The Pro(a)LiFe-study investigated with a prospective multicenter design the long-term preventive effect of LA on incidence rates of CV events over a period of 5 years in 170 consecutive patients with a mean Lp(a) concentration of 108mg/dl and progressive CVD after in median 2 CV events had occurred (Roeseler, 2016). 154 patients (90.6%) completed 5 years follow-up. Significant decline of the mean annual major adverse cardiac event (MACE) rate was observed comparing two years prior to LA to 5 years with regular LA (p<0.0001). Although in most patients small isoforms accounted for the high Lp(a) level, in 4.7% of patients large isoforms were solely responsible for the elevated Lp(a), but patients were clinically indistinguishable. Calculation of isoform specific concentrations allowed to confirm the equivalence of 60 mg/dl or 120 nmol/l as Lp(a) thresholds of the German LA guideline.
Ref.: Roeseler for the Pro(a)LiFe-study group. Arterioscler Thromb Vasc Biol 2016; 36: 2019-2027.
|Treating Lipoprotein(a)-hyperproteinemia and Progressive Cardiovascular Disease with Lipid-Apheresis in North America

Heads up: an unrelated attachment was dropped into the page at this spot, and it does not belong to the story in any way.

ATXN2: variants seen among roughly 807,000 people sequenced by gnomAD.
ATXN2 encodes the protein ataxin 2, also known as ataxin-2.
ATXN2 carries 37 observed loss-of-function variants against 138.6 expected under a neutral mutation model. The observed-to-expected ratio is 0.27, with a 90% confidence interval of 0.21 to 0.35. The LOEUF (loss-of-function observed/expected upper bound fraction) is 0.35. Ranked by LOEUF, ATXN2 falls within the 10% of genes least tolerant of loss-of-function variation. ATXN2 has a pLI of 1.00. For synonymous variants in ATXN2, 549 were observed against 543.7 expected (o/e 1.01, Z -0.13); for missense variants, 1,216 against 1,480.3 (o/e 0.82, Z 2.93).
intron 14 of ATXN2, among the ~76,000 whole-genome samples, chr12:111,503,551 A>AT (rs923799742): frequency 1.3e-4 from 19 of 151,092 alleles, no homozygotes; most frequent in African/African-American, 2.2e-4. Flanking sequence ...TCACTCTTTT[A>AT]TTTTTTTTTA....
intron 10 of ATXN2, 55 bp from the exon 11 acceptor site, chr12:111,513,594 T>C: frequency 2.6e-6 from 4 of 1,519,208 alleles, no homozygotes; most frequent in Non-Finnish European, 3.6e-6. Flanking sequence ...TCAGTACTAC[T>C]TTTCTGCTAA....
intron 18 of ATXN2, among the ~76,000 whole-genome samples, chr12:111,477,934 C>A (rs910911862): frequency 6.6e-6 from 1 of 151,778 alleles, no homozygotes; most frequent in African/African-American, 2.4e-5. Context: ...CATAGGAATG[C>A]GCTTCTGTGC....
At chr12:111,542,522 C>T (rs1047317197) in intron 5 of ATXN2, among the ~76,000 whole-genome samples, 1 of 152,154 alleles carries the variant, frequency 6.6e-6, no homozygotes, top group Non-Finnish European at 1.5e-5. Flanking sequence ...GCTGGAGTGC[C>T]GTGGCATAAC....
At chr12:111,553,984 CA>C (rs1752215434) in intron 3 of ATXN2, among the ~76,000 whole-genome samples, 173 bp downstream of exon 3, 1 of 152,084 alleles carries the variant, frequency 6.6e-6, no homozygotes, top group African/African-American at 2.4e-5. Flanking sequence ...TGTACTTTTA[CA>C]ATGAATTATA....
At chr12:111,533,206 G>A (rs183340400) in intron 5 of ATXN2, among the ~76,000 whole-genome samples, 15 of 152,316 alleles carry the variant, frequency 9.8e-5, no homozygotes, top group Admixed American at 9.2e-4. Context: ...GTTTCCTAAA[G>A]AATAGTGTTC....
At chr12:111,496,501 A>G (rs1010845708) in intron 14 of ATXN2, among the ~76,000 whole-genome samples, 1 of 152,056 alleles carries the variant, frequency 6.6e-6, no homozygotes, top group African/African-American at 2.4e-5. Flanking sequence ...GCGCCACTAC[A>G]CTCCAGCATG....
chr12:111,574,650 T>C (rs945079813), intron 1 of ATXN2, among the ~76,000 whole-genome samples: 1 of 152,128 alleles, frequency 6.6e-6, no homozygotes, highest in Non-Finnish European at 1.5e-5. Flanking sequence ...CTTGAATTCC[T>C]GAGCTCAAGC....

1 University of Kansas Medical Center, Clinical Pharmacology, Kansas City, United States
Abstract text :
Background: Lipoprotein(a) [Lp(a)] is an independent cardiovascular risk factor, found in more than 20% of the world"s population, but presently no appropriate pharmacotherapy exists for lowering Lp(a). In Germany, lipid-apheresis (LA) therapy, acutely lowers Lp(a) >60%, is approved for Lp(a)- hyperproteinemia and progressive cardiovascular disease (CVD) irrespective of LDL-C levels. In North America, LA treatment for Lp(a) is approved for patients if their LDL-C level is >160mg/dL.
Methods: Examine a single site"s experience using biweekly LA therapy for the reduction of cardiovascular events in CVD patients who received LA therapy for more than 6 months with an Lp(a) >50mg/dL and LDL-C <160mg/dL.
Results: A total of 15 CVD patients (9 male), ages 56±16 (range 13-82), qualified with a mean Lp(a) level of 123.28 mg/dL and LDL-C level of 100.14 mg/dL. The mean period of LA treatment was 3.54 years (range 8 months-7.5 years). Mean pre-apheresis cardiovascular events and interventions occurred 4.28 years (range 1-11.5 years) before initiation of LA therapy. Since beginning LA therapy only 2 patients experienced a cardiovascular event consisting of stent placement (6 months and 3 years post-LA) for angina symptoms.
Conclusion: Lp(a) is an independent CVD risk factor and LA is currently the only therapy available to successfully treat Lp(a). Until future treatments become available LA therapy should be considered for Lp(a)-hyperproteinemia patients with progressive CVD, on maximum lipid modifying pharmacotherapy, irrespective of their LDL-C levels.
Pre-LA is defined as the time period before LA therapy was initiated, post-LA is defined at the time period that patients received LA therapy.